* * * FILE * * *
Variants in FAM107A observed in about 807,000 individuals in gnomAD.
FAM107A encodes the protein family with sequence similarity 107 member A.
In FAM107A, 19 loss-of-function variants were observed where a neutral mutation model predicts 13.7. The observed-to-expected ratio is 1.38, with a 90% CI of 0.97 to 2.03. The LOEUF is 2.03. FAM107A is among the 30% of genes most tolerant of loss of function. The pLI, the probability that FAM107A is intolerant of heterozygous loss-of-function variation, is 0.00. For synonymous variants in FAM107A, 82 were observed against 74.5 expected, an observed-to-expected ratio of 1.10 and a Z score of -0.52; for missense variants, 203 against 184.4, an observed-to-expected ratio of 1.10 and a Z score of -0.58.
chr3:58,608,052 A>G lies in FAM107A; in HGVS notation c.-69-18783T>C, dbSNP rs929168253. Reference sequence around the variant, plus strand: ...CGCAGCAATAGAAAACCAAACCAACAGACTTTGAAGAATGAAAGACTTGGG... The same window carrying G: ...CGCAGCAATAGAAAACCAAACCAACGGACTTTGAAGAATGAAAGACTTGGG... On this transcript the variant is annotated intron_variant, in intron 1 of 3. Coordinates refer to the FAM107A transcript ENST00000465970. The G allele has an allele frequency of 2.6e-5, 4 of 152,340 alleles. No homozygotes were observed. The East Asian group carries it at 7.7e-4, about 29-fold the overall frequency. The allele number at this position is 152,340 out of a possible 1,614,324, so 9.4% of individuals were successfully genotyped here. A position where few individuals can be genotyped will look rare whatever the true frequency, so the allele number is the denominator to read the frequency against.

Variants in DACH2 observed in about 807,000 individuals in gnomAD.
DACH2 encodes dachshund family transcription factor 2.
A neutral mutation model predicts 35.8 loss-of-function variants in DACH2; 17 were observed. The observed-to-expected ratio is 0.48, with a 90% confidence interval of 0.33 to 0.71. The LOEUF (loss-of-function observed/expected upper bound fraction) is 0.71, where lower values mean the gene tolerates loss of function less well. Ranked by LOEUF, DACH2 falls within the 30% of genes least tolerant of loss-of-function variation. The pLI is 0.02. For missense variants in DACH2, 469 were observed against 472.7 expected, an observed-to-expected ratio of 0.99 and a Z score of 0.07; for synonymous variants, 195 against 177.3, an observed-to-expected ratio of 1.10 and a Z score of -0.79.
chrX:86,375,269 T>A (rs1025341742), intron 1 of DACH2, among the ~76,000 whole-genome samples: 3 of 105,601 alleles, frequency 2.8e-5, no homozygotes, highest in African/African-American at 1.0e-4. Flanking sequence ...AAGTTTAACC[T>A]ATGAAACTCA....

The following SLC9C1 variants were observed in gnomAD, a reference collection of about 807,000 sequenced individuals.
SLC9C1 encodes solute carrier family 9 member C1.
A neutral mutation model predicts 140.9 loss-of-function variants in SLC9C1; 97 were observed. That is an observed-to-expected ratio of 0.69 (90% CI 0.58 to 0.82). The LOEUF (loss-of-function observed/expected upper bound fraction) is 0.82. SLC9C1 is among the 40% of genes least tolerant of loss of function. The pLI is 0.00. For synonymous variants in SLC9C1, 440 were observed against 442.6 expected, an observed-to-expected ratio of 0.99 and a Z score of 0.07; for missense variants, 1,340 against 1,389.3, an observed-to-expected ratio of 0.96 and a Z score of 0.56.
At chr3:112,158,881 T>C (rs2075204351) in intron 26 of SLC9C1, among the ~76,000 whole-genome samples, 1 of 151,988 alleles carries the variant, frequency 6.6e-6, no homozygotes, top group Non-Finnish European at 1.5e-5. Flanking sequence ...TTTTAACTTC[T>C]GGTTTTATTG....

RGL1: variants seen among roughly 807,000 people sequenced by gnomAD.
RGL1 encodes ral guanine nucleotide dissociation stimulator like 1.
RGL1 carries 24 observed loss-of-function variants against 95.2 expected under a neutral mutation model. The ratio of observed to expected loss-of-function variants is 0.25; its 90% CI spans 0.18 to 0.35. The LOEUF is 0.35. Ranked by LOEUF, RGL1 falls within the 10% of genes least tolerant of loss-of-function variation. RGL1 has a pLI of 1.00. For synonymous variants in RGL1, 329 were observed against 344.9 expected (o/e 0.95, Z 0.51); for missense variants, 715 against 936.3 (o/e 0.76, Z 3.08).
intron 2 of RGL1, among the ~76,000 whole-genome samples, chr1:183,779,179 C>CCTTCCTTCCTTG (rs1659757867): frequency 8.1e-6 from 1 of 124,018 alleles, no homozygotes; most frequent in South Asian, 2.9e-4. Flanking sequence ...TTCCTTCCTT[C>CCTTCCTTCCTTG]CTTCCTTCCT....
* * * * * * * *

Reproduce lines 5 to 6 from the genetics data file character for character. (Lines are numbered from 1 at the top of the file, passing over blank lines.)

Variants in DACH2 observed in about 807,000 individuals in gnomAD.
DACH2 encodes dachshund family transcription factor 2.